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Simple Linked Lists
Posted on: July 26, 2006 at 12:00 AM
A simple singly-linked list. This shows the basics.

Java Notes: Simple Linked Lists

This shows three programs.

  • A simple singly-linked list. This shows the basics.
  • A doubly-linked list. This is almost as simple as the singly-linked list, but makes some operations easier.
  • Use of the java.util.LinkedList class, which is easy to use because it hides the details.

Simple singly-linked list done "by hand"

The following program is an example of a very simple implementation of a singly-linked list. You should become very comfortable with this. Altho you should always prefer the predefined java.util.LinkedList class when working with linked lists, understanding linking objects is essential to building other structures for which there is no predefined library class.

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// Purpose: Demonstrates a really simple singly-linked list.
//          Main builds list of words, prints it using two styles.
// Author : Fred Swartz, 21 Feb 2006, placed in the public domain.

import java.util.Scanner;

public class SimpleSinglyLinkedList {
    public static void main(String[] args) {
        Scanner in = new Scanner(System.in);
        
        Elem front = null;    // First element of list.
        Elem back  = null;    // Last element of list.
        
        //... Read a list of words.
        while (in.hasNext()) {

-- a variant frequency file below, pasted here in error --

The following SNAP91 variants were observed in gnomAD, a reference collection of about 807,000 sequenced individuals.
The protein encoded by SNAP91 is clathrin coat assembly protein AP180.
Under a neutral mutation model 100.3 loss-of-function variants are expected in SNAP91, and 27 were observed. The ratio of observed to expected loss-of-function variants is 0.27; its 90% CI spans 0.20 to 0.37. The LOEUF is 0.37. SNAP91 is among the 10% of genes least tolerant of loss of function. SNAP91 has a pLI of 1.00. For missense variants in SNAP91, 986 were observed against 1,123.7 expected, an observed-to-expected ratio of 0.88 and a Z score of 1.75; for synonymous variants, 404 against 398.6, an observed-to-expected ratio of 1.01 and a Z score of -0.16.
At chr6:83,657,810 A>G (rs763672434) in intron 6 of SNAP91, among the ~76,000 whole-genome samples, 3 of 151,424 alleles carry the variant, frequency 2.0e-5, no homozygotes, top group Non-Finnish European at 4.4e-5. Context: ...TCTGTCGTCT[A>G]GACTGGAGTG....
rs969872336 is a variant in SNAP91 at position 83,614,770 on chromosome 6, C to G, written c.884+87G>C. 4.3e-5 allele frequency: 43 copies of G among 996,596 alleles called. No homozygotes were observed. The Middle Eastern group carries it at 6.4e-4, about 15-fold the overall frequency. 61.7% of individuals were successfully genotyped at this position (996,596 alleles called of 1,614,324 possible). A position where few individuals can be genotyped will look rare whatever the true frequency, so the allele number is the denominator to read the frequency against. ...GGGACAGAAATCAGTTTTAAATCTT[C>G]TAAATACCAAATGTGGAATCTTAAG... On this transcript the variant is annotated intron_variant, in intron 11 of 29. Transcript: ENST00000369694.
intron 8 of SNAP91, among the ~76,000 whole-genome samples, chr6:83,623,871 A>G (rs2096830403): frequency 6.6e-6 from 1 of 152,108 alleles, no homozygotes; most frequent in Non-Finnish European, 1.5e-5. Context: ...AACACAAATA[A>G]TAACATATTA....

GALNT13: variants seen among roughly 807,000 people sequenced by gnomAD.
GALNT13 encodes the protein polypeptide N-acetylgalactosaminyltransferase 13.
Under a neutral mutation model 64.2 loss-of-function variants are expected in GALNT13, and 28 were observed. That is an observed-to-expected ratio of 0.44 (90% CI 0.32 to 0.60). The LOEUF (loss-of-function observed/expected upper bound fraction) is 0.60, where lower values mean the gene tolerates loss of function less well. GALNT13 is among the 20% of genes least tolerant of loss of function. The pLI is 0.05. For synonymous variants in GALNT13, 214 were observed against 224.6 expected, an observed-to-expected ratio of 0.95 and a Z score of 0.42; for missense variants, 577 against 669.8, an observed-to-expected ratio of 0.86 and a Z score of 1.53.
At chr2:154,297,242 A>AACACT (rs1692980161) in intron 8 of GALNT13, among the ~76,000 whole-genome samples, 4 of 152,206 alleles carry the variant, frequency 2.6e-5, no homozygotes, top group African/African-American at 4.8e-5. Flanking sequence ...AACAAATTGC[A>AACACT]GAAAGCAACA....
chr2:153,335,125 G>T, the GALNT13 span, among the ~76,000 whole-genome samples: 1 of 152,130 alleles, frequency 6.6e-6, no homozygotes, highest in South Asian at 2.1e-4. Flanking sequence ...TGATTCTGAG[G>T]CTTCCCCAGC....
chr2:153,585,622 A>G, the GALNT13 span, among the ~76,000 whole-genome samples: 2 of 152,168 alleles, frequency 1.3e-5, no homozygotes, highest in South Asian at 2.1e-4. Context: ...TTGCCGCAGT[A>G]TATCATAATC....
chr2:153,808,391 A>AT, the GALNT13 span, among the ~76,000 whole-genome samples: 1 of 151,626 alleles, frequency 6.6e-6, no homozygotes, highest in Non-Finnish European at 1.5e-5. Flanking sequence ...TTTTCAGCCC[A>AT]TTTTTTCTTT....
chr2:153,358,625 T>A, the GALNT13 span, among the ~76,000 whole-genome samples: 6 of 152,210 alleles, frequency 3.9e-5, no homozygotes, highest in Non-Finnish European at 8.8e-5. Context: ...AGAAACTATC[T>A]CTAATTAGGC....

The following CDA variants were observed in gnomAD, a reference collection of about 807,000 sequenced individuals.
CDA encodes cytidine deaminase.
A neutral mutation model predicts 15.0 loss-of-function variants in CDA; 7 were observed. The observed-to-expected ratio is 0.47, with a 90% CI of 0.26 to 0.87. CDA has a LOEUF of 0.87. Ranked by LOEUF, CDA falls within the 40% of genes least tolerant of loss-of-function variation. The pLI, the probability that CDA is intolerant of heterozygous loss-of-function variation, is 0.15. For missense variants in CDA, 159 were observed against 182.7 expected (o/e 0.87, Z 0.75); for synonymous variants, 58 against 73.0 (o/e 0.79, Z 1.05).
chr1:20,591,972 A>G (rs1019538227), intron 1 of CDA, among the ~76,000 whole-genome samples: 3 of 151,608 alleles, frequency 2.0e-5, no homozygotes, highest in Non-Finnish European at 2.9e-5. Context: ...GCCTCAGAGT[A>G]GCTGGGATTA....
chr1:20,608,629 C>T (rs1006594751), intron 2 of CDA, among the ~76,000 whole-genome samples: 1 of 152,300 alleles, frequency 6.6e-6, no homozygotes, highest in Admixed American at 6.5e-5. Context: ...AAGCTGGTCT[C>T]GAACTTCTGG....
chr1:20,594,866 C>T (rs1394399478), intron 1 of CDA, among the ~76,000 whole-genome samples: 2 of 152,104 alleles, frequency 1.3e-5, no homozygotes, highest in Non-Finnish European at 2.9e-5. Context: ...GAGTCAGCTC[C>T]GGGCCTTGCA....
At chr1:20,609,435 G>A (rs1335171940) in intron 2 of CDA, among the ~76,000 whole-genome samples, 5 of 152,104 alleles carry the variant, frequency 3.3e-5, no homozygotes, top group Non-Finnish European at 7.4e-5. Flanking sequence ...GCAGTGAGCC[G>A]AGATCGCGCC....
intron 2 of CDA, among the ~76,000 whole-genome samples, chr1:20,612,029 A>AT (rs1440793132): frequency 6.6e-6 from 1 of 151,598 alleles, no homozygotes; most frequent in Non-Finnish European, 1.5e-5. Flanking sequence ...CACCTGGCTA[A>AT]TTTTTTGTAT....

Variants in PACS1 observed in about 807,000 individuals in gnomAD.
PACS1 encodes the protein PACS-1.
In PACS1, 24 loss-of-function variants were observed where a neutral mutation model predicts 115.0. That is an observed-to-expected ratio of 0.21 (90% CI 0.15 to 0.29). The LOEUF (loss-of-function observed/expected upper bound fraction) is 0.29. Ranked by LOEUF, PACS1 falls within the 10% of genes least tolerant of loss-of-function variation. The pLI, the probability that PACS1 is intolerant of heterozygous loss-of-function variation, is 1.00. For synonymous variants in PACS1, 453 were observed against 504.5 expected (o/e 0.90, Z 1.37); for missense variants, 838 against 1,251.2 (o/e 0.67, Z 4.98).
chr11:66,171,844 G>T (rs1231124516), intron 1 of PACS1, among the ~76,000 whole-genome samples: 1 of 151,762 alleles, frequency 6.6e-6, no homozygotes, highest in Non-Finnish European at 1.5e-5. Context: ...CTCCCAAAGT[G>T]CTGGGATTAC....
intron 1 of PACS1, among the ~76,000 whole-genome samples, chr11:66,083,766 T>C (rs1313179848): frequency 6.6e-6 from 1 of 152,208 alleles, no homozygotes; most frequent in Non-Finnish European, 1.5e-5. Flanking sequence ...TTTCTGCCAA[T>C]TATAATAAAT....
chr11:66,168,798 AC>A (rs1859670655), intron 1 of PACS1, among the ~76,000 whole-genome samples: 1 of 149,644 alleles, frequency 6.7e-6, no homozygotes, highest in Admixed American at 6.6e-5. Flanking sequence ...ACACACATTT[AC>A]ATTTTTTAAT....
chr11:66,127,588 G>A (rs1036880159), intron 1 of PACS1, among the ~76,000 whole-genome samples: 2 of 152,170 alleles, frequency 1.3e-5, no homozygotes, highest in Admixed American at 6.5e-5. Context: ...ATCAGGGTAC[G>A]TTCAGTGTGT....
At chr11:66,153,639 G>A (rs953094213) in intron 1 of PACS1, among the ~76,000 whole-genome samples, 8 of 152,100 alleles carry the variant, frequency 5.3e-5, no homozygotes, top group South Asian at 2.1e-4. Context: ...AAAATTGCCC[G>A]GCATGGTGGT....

String word = in.next();
            
            Elem e = new Elem();     // Create a new list element.
            e.data = word;           // Set the data field.
            
            //... Two cases must be handled differently
            if (front == null) {
                //... When the list is empty, we have to set the front pointer.
                front = e;            // Back element will be set below.
            } else {
                //... When we already have elements, we need to link to it.
                back.next = e;       // Link last elem to new element.
            }
            back = e;                // Update back to link to new element.
        }
        
        //... While loop to print list in forward order.
        System.out.println("*** Print words in order of entry");
        Elem curr = front;
        while (curr != null) {
            System.out.println(curr.data);
            curr = curr.next;
        }
        
        System.out.println("*** Print words in order of entry");
        for (Elem e = front; e != null; e = e.next) {
            System.out.println(e.data);
        }
        
        //... Printing list in backward order is an interesting exercise.
        //    But too much for here.
    }
}

////////////////////////////////////////////////////////////////////////// Elem
// Simple class to hold data are sometimes defined with public fields.
// This practice isn't good, but was done here for simplicity.
class Elem {
    public Elem next;    // Link to next element in the list.
    public String data;  // Reference to the data.
}

A simple doubly-linked list

This makes only minor changes so that elements are linked in both forward and backward directions.

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// Purpose: Shows a simple doubly-linked list.  Very few changes
//          from singly-linked, but allows backwards traversal and
//          easier insertion and deletion.
//          Main builds list of words, prints it forward and backward.